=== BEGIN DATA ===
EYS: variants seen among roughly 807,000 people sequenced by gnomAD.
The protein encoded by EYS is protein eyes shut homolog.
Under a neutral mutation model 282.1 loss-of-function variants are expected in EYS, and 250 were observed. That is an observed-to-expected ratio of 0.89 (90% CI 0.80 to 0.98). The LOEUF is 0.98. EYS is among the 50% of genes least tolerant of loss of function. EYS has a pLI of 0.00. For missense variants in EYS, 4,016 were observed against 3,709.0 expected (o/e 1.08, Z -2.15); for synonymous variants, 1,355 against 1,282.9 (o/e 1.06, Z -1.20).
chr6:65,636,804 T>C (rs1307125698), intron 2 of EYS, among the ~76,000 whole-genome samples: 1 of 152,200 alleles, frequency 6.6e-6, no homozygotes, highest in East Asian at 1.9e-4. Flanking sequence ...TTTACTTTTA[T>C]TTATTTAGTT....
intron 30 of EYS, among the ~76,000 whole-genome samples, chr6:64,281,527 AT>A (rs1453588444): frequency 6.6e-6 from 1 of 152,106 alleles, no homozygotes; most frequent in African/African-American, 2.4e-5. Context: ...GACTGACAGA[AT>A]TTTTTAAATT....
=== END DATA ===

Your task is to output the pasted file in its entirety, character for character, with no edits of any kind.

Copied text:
EYS: variants seen among roughly 807,000 people sequenced by gnomAD.
The protein encoded by EYS is protein eyes shut homolog.
Under a neutral mutation model 282.1 loss-of-function variants are expected in EYS, and 250 were observed. That is an observed-to-expected ratio of 0.89 (90% CI 0.80 to 0.98). The LOEUF is 0.98. EYS is among the 50% of genes least tolerant of loss of function. EYS has a pLI of 0.00. For missense variants in EYS, 4,016 were observed against 3,709.0 expected (o/e 1.08, Z -2.15); for synonymous variants, 1,355 against 1,282.9 (o/e 1.06, Z -1.20).
chr6:65,636,804 T>C (rs1307125698), intron 2 of EYS, among the ~76,000 whole-genome samples: 1 of 152,200 alleles, frequency 6.6e-6, no homozygotes, highest in East Asian at 1.9e-4. Flanking sequence ...TTTACTTTTA[T>C]TTATTTAGTT....
intron 30 of EYS, among the ~76,000 whole-genome samples, chr6:64,281,527 AT>A (rs1453588444): frequency 6.6e-6 from 1 of 152,106 alleles, no homozygotes; most frequent in African/African-American, 2.4e-5. Context: ...GACTGACAGA[AT>A]TTTTTAAATT....